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I'd just like to say that bishi_wannabe probably shouldn't read this, because he will fret.

So I'm preparing my media for the chemostat. To do this, I'm being super-careful about contamination (as I'm sure you can understand given my track record). Thusly, I'm doing oneof those mildly dangerous things that scientists are occasionally forced to do - I'm using a bunsen burner in a laminar flow hood.

For you non-science types out there, a laminar flow is a big box open on one side only, which blows sterile air from the back out through the open side. The principle is that it stops random non-sterile junk falling into what ever you're working with. The hood is mostly sterile, so to keep it that way when working in there, you swab everything with ethanol when you place it inside (when it's not in use, it is sealed up and a UV light is switched on - killing any microbes that might have been hiding inside).

However, if you place a bunsen burner in a laminar flow, the flame will obviously also be pushed out towards the opening somewhat (blow lightly on a candle flame to see what I mean). Also, bunsens have a blue-almost-transparent flame when they are normally in use - the yellow flame you normally see in sciencey-shows is a 'safety' flame, in as much as it is cooler and you can see it better.

So there I am, filtering stuff behind the flame in the laminar flow. This isn't actually so bad, so long as you pay attention to what you are doing, which I was. However, after filtering stuff, I have this one step where I add a chemical in methanol to my media - I can't filter it, because methanol dissolves the filters we use, but I don't need to because nothing grows in methanol.

I reach outside the hood, grab the solution, and ethanol my gloves. Normally, I'd wait a few moments to let most of the ethanol evapourate, but I was in a bit of a hurry so I didn't bother. I add my chemical - no problems. As it was the last step, I immediately began planning my next move out in my mind, and pull my hands out of the hood...

... bringing my left hand through the bunsen flame.

I didn't see the flame, I didn't even look. It was one of those moments where the reflex brain kicked in before the conscious brain. I vaguely recall uttering "shit" in a rather dispassionate fashion. I felt the heat all over my hand and up my wrist, and immediately began waving my hand to put the flame out (which is generally all you need to do to put out ethanol fires). Sure enough, there was the rushing, wooshing, flame in the wind sound, then the heat stopped.

I'm not actually badly burned - more scalded. Like when you dunk your hand in really hot water for a moment. I have one little burn spot on my wrist where I had ethanol on my bare skin (not on my gloves), and a whole lot of singed hair.

But it gave me one HELL of a fright.

No reall harm done, though.


( 9 comments — Leave a comment )
Oct. 14th, 2004 06:01 pm (UTC)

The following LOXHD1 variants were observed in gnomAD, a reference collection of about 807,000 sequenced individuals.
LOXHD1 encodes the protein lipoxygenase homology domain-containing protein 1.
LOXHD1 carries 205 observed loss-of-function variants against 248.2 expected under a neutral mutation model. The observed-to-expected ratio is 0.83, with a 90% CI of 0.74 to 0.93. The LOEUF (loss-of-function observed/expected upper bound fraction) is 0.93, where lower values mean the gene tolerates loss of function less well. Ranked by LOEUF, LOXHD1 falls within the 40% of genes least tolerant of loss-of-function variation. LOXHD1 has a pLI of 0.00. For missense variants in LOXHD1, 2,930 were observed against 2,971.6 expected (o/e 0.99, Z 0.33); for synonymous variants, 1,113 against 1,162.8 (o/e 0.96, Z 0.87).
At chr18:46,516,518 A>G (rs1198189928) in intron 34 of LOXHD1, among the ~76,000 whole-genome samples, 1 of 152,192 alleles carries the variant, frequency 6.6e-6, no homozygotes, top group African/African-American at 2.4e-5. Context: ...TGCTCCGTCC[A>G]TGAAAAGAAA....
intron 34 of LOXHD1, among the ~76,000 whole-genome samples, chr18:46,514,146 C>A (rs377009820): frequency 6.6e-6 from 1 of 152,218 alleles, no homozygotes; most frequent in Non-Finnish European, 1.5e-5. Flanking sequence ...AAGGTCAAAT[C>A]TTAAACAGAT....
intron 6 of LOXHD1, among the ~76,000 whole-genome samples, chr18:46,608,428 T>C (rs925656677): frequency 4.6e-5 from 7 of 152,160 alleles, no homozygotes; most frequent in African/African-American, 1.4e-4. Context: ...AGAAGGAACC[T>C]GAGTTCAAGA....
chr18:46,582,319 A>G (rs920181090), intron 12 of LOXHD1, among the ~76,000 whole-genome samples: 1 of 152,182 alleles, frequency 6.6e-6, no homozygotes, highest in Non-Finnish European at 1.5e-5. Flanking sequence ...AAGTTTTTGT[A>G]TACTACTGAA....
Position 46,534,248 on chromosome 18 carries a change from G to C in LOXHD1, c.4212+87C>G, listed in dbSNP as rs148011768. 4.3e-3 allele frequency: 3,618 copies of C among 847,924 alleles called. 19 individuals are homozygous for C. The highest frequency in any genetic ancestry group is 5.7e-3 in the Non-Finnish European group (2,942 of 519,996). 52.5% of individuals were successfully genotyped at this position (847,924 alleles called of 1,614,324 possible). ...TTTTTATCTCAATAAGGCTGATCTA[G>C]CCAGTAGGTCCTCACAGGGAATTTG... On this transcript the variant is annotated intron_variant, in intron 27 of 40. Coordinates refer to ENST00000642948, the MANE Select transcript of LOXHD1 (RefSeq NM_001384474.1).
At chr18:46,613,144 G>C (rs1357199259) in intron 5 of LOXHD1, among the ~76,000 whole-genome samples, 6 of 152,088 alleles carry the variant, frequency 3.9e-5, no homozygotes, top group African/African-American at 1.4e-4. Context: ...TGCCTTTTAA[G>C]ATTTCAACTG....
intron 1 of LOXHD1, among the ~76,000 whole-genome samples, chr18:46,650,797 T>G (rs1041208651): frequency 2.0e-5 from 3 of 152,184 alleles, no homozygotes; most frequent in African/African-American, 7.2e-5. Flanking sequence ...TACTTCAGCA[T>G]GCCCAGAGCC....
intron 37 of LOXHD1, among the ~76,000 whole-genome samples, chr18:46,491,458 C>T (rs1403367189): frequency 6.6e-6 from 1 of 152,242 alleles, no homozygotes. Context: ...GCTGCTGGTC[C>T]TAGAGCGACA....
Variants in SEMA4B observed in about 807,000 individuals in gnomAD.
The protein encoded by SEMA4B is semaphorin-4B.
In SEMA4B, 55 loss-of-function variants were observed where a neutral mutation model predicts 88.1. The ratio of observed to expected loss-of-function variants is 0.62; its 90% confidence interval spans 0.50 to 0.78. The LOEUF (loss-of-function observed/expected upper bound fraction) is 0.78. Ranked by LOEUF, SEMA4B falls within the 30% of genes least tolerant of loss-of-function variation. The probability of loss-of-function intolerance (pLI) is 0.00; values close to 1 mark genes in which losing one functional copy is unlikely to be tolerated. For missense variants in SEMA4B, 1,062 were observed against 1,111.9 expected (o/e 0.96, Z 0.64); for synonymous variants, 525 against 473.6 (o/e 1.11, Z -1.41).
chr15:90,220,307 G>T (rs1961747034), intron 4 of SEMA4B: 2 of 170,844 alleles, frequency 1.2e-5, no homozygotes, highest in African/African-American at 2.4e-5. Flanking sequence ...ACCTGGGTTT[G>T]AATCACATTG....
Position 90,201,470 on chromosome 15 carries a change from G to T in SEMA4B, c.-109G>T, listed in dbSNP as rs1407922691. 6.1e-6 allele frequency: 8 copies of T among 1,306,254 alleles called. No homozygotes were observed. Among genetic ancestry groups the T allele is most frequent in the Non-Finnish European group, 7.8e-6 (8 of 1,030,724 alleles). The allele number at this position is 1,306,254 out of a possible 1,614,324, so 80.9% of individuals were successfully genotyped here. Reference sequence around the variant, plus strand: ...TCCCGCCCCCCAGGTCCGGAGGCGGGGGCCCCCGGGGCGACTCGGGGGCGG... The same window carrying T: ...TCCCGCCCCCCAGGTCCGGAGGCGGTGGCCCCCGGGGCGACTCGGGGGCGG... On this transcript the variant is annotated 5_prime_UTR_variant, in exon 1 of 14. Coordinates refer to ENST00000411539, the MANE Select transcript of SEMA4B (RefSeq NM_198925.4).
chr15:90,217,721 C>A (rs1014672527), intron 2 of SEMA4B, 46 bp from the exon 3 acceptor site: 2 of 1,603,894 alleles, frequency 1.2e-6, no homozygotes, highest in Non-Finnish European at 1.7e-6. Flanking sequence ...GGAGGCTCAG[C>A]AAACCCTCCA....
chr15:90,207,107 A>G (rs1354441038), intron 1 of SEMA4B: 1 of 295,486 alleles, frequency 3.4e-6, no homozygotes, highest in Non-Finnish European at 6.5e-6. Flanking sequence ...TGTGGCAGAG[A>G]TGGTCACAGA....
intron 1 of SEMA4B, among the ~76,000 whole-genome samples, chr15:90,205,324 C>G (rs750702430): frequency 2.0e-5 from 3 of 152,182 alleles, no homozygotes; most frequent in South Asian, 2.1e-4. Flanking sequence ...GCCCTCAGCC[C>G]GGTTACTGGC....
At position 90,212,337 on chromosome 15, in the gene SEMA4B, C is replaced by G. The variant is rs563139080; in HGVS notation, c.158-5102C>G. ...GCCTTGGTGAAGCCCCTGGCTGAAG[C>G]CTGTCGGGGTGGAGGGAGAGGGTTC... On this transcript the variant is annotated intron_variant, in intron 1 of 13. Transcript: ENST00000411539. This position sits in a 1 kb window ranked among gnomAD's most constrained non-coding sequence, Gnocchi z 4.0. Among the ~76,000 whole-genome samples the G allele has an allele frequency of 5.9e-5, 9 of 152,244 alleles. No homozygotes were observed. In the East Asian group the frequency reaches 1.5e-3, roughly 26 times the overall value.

tsk tsk ... take more care ... glad all was ok ...
Oct. 14th, 2004 06:04 pm (UTC)
It was touch and go for a moment there, but it was all fine. I really *should* have been more careful, though.
Oct. 14th, 2004 06:15 pm (UTC)
I'm jealous... I usually need heat sources for 4-5L of acid solutions, so we use ceramic hotplates. Sure, they won't set you on fire - but bunsen burners feel so much more "sciency"...
(Deleted comment)
Oct. 15th, 2004 03:30 am (UTC)
Did the needle help put the flame out? If not, why did you plunge it into your hand?
Oct. 14th, 2004 07:24 pm (UTC)
Heh. I know this is all down to your setting people on fire addiction - this is why you should always keep a second person around for when the cravings kick in :)
Oct. 14th, 2004 08:15 pm (UTC)
I can't say I've ever managed to do anything to myself with a bunsen burner. Serious burns on my hand one day from a magnetic hotplate though, nearly dropped the beaker of 10M sulphuric acid I was moving in the fume cupboard.
Oct. 14th, 2004 09:05 pm (UTC)
Laminar flow is also a type of flow water can do. Over rocks normally. Wow. My degree actually taught me something that stuck. Too bad it's useless information.
Oct. 14th, 2004 09:13 pm (UTC)
Yup - for deposition of sediments, you have laminar vs turbulent flow. Laminar flow takes up most of the time involved, and the least of the sediment; turbulence (tsunami, etc) takes a fraction of the time but leaves the thickest deposits.

Amazing what gets stuck in your brain...
Oct. 17th, 2004 08:15 pm (UTC)
But Becka! Just think! You could've been horribly burned, woken up afterwards in shards of glass and chemostat, seen your face in a mirror, screamed, laughed, laughed more, laughed maniacally, laughed horribly and maniacally, devised some kind of mask and then unleashed your breed of horrifying microbes and trained evil black mice upon the world!

Actually, you wouldn't have to do much training with the black mice, I hear they're evil to start off with.
( 9 comments — Leave a comment )